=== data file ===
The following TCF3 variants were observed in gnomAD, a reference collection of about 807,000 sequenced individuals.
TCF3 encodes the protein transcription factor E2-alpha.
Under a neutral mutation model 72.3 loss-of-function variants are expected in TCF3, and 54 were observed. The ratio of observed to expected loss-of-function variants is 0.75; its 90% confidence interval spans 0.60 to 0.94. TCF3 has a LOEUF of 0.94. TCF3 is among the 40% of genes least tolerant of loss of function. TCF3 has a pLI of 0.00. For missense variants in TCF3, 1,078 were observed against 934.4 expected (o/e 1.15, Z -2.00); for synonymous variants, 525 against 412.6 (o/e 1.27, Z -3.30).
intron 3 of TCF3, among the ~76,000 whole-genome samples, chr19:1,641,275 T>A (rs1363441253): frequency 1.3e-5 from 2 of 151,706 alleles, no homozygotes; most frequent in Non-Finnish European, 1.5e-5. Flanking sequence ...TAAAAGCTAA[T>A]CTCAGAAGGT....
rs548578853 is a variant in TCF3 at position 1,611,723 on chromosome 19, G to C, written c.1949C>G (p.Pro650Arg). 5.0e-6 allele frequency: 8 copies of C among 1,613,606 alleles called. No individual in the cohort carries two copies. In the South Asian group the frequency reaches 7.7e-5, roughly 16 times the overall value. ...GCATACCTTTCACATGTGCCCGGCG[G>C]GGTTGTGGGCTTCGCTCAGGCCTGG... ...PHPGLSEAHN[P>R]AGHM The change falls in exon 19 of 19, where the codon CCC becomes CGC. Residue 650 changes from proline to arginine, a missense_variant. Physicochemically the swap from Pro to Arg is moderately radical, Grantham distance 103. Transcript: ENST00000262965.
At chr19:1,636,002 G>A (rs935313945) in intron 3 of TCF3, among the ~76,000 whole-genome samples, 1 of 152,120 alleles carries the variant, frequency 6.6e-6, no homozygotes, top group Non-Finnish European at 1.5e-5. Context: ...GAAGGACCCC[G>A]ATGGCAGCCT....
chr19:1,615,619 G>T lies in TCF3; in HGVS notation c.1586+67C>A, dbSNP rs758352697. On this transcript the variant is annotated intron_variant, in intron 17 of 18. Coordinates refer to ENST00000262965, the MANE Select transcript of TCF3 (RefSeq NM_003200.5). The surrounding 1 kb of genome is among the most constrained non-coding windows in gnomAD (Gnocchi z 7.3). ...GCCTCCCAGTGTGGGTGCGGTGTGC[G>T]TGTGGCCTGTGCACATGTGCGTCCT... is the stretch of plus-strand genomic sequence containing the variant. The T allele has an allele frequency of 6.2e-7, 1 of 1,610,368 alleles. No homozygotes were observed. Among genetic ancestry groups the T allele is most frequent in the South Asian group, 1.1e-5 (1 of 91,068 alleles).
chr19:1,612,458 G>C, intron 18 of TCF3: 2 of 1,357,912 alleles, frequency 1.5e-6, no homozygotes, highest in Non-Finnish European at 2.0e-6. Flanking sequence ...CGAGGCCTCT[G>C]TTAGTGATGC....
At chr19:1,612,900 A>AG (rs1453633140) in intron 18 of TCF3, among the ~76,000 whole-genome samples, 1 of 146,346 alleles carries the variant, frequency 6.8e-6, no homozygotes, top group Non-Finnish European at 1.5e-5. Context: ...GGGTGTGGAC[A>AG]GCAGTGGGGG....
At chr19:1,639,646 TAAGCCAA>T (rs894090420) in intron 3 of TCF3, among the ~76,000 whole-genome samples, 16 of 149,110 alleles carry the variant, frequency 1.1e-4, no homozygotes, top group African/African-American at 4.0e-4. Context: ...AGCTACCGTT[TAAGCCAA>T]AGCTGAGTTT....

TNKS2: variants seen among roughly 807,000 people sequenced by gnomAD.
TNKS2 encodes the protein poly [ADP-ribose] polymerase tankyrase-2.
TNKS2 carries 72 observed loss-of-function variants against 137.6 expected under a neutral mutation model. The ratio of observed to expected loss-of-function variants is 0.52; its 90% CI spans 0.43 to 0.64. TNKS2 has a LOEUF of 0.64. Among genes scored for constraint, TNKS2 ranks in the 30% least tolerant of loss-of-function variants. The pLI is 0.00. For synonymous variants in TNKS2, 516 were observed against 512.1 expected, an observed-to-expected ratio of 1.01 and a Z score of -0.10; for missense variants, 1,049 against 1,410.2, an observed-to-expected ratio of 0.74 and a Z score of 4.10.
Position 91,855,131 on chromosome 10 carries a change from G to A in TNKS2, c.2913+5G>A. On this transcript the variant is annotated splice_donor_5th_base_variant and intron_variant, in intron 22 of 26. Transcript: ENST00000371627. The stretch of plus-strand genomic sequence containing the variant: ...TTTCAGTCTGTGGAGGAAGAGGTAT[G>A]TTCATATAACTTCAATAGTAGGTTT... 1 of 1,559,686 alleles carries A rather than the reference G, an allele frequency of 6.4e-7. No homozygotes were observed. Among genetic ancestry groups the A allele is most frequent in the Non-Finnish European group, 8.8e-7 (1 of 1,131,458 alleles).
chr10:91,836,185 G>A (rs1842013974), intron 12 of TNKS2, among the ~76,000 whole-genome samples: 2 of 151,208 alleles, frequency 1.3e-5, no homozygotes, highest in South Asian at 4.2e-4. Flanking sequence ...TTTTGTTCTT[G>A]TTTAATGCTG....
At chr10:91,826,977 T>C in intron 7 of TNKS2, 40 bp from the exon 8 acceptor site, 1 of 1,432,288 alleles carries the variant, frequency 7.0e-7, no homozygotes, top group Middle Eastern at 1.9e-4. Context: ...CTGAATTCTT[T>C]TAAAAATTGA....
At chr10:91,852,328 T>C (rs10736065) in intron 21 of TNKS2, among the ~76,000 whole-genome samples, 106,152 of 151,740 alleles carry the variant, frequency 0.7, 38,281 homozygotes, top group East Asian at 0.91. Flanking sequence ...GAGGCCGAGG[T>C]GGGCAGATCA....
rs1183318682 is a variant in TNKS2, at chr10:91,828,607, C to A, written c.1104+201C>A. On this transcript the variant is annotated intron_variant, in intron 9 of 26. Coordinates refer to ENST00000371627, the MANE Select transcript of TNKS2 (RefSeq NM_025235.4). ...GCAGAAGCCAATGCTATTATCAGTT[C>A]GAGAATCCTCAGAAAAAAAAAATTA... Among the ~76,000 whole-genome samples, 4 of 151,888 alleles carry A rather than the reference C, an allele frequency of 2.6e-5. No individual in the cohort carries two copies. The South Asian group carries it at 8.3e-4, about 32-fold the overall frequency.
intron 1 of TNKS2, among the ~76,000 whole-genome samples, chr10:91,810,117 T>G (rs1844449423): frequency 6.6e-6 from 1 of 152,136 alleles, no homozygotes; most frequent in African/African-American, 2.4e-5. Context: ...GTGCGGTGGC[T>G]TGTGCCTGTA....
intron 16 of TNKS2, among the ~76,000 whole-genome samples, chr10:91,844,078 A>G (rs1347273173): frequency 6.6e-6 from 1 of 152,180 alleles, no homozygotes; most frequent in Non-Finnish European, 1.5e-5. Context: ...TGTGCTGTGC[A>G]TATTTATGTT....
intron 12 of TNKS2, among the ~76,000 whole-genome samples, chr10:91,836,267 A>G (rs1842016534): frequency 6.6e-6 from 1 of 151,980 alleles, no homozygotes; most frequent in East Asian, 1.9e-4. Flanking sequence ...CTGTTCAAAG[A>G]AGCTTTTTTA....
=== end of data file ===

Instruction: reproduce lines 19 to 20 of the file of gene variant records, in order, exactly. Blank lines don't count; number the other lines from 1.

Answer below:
intron 1 of TNKS2, among the ~76,000 whole-genome samples, chr10:91,810,117 T>G (rs1844449423): frequency 6.6e-6 from 1 of 152,136 alleles, no homozygotes; most frequent in African/African-American, 2.4e-5. Context: ...GTGCGGTGGC[T>G]TGTGCCTGTA....
intron 16 of TNKS2, among the ~76,000 whole-genome samples, chr10:91,844,078 A>G (rs1347273173): frequency 6.6e-6 from 1 of 152,180 alleles, no homozygotes; most frequent in Non-Finnish European, 1.5e-5. Context: ...TGTGCTGTGC[A>G]TATTTATGTT....